Innovation, Process mapping
Process Mining Won't Take Jobs. It Will Improve Them. Here Are 4 Examples
So the daunting monster called automation is here to eat jobs alive, right? Well, not so fast.
With the current buzz around AI and automation, many employees are getting stressed out about losing their jobs. At first sight, rightly so because, as McKinsey stated in 2016, automation won't eliminate a lot of jobs entirely, but “almost all” jobs will be affected by it.
As you already know, Process Mining (PM) and its buddy, Robotic Process Automation (RPA) have a hand in it too.
Though no one truly knows what's going to happen in the future, one thing is almost certain. PM is only a tool that will enhance the performance of many jobs currently in the market, not replace the people who execute it.
What jobs are we talking about?
Process and operations managers are those employees which - upon first inspection - might potentially get worried when their bosses start considering PM.
But, let's get some historical perspective here. The traditional way of process discovery and mapping used to be “manual” - the process of people analyzing other processes (fasten your seatbelts, we're going meta here!) by interviewing employees and managers, while jotting down notes and trying to put the puzzle together.
Such an approach often led to human error, because it didn't take into account neither subjectivity, nor incompleteness and inaccuracy of human beings. Well, the ROI of time and money invested wasn't that great either.
Keeping these downsides in mind, process and operations managers who discover PM might be just as happy as a kid with a new toy. With it, they can focus on the more insights-oriented activities, including learning about root causes of inefficiencies and finding new ways to process optimization.
Auditors and Compliance Officers
Among other professions usually in touch with PM at the current level of adoption, one should specifically highlight auditors and compliance officers. Right, those people that assure everything's running according to the rules.
With a lack of compliance in place, “the damage to brand reputation can often cost even more than those (FCPA) fines,” as shared in Forbes, and you know it's true.
Since process discovery and mapping adds a great deal of transparency to everyday operations of organizations, it helps auditors a ton in doing their jobs on another level, providing them with space to go into details of every compliance issue they spot.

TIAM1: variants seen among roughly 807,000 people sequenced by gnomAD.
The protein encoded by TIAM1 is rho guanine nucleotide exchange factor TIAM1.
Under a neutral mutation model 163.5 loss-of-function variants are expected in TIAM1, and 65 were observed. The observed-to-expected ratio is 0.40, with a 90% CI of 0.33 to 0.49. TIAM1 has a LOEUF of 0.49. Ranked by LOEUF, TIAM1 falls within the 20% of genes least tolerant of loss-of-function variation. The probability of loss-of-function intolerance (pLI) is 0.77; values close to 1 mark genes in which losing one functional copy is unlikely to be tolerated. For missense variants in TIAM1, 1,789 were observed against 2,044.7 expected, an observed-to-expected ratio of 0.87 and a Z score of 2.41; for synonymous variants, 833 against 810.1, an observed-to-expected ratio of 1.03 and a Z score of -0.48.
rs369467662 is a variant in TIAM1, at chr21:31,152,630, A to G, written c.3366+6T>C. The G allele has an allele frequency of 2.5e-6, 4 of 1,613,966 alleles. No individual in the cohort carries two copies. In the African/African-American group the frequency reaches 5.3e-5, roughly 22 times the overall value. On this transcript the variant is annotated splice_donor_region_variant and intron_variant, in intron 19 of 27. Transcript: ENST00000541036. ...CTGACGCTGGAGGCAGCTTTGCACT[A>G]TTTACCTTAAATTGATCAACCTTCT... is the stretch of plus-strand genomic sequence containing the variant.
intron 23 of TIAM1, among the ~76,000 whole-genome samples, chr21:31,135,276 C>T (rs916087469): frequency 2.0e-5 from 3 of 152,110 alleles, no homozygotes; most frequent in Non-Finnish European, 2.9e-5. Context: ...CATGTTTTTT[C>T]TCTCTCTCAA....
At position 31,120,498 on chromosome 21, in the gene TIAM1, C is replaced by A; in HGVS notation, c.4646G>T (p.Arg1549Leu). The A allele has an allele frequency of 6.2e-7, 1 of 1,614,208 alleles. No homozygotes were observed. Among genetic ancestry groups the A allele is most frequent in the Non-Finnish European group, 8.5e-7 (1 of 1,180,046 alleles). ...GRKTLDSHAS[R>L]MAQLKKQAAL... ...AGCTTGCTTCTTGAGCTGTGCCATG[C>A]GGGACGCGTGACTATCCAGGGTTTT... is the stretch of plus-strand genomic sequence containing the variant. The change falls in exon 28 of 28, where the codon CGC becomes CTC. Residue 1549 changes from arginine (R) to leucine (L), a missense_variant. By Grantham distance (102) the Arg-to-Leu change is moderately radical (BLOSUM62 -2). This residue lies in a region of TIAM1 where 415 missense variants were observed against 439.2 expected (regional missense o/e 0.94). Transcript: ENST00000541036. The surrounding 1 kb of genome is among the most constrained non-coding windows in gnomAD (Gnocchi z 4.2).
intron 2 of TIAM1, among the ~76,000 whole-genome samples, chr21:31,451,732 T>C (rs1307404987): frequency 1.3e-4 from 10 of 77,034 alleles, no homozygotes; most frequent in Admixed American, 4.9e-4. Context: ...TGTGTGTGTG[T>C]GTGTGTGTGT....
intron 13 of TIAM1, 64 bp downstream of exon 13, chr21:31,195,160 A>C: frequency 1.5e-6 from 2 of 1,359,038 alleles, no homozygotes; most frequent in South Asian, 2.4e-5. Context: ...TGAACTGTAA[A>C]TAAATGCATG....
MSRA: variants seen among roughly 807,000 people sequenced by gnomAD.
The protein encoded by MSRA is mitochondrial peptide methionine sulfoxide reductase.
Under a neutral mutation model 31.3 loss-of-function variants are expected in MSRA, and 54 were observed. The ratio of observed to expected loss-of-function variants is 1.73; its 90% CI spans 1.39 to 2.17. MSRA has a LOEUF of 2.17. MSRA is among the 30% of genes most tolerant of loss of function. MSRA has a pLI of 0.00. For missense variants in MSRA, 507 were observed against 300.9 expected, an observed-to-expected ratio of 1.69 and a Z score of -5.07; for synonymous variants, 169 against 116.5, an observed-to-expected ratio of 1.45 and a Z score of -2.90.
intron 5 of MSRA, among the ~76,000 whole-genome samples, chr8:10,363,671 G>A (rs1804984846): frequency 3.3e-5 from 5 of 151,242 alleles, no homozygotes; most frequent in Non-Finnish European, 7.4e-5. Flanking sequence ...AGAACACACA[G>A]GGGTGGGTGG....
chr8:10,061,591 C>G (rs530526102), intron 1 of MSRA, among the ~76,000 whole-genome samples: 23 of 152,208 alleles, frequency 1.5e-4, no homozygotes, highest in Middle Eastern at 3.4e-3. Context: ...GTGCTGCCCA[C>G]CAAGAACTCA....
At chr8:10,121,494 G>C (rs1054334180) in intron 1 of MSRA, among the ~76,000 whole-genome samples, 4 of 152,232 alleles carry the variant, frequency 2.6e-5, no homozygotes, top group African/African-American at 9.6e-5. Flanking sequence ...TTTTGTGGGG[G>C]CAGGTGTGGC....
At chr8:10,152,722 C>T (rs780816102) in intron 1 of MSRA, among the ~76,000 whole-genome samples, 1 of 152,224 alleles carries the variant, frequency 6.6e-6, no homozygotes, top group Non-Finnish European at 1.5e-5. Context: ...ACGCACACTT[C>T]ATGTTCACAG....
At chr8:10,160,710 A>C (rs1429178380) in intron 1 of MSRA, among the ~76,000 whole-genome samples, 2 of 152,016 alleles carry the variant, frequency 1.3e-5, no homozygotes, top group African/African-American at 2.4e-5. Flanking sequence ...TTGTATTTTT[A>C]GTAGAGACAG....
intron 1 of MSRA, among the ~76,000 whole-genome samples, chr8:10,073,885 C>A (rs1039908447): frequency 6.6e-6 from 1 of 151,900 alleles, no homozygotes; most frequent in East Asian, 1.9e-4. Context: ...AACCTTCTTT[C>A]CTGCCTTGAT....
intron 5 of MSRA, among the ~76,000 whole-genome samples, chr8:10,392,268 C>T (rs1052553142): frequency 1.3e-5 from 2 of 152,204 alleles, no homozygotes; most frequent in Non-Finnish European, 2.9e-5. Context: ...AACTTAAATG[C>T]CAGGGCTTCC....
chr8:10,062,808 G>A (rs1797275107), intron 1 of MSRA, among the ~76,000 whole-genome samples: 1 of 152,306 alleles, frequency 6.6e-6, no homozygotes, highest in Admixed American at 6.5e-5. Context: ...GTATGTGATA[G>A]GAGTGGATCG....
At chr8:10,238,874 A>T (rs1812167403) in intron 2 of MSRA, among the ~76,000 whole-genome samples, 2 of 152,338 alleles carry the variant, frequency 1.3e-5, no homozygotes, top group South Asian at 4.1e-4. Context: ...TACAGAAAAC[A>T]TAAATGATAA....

Of course, data science.
PM is on the crossroads of business process management and data mining.
As such, the connection with data science is essential, with PM sometimes being referred to as “data science in action”. Data scientists are embracing the new field of PM because it helps them meet the differences between event data and process models.
Our product visionary, Michal Rosik, best depicts the picture.
“Using full strength data mining on your process analysis would entail hiring PhDs in computer science and turning them loose on all your company’s data. Then waiting for them to design algorithms to sort through just the specific pieces needed to craft a map of your business processes,” he says.
“Contrast that with Process Mining, and you’ll see that with a simple export of event logs from your IT systems, anyone can craft the same map in far less time and with far lower expense.”
From where we're standing, we not only see what's currently out there, but also what can come next. According to the The Future of Jobs Report 2018 by World Economic Forum, though 75 million jobs are endangered by machines, 133 million new ones may occur by the year 2022.
With regards to the PM industry, there is a pretty good chance that companies will need to hire or train inhouse consultants. Why?
Process efficiency and optimization will become a crucial part of every business, and close cooperation between process managers and PM consultants will be a question of the day.
Process Mining Will Act As Your Enabler
Technology and automation are not the bad guys on the horizon. If you find a way to adopt them and embrace them within your processes, it can bring a great deal of support to your employees.
They won't have to spend their time on manual and repetitive tasks or so-called swivel work. All of a sudden, they can direct the focus on value-added and creative tasks that, in the end, provide value to your customers.
If you don't take our word for it, maybe Harvard Business Review's will do: “While it is likely that some human functions will be taken over by RPA, in most companies that have implemented the technology, job losses have been relatively minor.” And you know, PM is the necessary prerequisite of RPA.
And until you find your own PM consultant, we'll gladly show you how to get the most out of your processes.
20. 08. 2019